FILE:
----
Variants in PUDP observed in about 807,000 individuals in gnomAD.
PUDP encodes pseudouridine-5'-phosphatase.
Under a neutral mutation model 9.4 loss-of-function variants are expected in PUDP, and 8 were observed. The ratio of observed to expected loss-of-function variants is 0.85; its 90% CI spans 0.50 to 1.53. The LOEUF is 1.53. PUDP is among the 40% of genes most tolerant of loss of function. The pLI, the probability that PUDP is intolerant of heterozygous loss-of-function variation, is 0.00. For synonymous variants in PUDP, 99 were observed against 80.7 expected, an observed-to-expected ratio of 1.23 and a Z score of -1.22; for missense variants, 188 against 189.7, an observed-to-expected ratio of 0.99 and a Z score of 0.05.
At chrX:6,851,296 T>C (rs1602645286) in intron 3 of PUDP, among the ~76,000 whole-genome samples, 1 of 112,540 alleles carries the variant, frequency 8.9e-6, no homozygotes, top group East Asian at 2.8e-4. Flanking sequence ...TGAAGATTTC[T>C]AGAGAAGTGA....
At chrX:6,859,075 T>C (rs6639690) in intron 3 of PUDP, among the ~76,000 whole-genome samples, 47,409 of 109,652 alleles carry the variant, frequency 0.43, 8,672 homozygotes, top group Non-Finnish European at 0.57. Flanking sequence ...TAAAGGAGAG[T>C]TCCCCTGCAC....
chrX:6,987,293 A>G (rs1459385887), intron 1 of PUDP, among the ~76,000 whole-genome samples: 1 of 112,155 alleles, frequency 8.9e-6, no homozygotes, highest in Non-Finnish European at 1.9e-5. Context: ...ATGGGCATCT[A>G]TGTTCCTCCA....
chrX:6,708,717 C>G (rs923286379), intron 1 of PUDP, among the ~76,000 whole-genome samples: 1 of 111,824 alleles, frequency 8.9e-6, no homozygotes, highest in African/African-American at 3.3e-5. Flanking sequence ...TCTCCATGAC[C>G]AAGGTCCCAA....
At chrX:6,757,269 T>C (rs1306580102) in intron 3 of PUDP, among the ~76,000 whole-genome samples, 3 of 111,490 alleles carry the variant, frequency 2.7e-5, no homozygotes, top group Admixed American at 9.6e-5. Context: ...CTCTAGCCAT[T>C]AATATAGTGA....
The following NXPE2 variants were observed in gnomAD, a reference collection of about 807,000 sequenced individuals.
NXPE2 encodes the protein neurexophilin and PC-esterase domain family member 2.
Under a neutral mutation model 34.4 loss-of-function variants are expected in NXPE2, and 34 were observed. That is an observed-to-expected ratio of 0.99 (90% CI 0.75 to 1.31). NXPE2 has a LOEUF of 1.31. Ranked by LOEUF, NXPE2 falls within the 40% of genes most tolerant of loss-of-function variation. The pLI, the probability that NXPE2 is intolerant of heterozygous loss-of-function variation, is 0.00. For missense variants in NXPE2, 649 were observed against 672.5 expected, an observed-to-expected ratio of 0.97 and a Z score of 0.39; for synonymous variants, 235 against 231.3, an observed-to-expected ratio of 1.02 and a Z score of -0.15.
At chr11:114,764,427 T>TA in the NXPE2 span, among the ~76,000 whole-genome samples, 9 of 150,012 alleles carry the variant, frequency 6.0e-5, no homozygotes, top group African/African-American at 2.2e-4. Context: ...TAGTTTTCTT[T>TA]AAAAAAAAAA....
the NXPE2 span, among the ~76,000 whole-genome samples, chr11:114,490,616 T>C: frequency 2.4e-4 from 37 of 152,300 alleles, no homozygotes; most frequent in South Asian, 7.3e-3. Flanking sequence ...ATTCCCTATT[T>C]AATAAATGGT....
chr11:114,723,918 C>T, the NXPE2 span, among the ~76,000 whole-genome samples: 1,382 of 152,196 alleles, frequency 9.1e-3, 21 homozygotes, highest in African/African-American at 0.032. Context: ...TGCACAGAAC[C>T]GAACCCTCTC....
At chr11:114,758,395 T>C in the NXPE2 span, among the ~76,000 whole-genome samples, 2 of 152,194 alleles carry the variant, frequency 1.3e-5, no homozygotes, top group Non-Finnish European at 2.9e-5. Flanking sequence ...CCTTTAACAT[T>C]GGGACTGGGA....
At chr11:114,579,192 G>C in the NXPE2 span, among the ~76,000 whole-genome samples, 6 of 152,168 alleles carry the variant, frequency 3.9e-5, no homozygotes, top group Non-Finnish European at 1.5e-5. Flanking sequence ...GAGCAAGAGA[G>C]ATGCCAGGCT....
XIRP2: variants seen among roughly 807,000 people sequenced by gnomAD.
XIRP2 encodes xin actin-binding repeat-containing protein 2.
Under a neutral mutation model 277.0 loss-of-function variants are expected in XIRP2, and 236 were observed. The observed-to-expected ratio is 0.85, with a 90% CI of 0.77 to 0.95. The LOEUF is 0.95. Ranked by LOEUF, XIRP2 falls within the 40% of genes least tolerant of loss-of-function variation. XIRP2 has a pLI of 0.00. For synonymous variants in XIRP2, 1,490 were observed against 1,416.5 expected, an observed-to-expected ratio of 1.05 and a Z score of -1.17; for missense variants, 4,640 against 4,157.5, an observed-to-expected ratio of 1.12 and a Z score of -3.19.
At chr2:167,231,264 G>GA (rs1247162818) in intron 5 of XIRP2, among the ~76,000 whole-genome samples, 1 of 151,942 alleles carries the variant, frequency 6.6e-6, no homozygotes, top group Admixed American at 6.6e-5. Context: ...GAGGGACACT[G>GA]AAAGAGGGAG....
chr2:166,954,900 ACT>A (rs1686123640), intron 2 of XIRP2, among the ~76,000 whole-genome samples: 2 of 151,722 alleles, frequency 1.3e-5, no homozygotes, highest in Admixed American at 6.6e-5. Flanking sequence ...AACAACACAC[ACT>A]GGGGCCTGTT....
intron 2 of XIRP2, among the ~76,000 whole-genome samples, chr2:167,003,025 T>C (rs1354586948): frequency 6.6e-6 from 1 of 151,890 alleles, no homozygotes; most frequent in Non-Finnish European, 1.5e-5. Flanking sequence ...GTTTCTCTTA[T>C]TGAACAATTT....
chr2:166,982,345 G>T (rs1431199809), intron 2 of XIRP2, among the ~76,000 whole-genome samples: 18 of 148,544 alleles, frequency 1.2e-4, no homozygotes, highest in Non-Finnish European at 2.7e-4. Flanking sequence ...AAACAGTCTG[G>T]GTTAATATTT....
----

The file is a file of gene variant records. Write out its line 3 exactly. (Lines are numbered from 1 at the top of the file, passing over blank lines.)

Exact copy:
Under a neutral mutation model 9.4 loss-of-function variants are expected in PUDP, and 8 were observed. The ratio of observed to expected loss-of-function variants is 0.85; its 90% CI spans 0.50 to 1.53. The LOEUF is 1.53. PUDP is among the 40% of genes most tolerant of loss of function. The pLI, the probability that PUDP is intolerant of heterozygous loss-of-function variation, is 0.00. For synonymous variants in PUDP, 99 were observed against 80.7 expected, an observed-to-expected ratio of 1.23 and a Z score of -1.22; for missense variants, 188 against 189.7, an observed-to-expected ratio of 0.99 and a Z score of 0.05.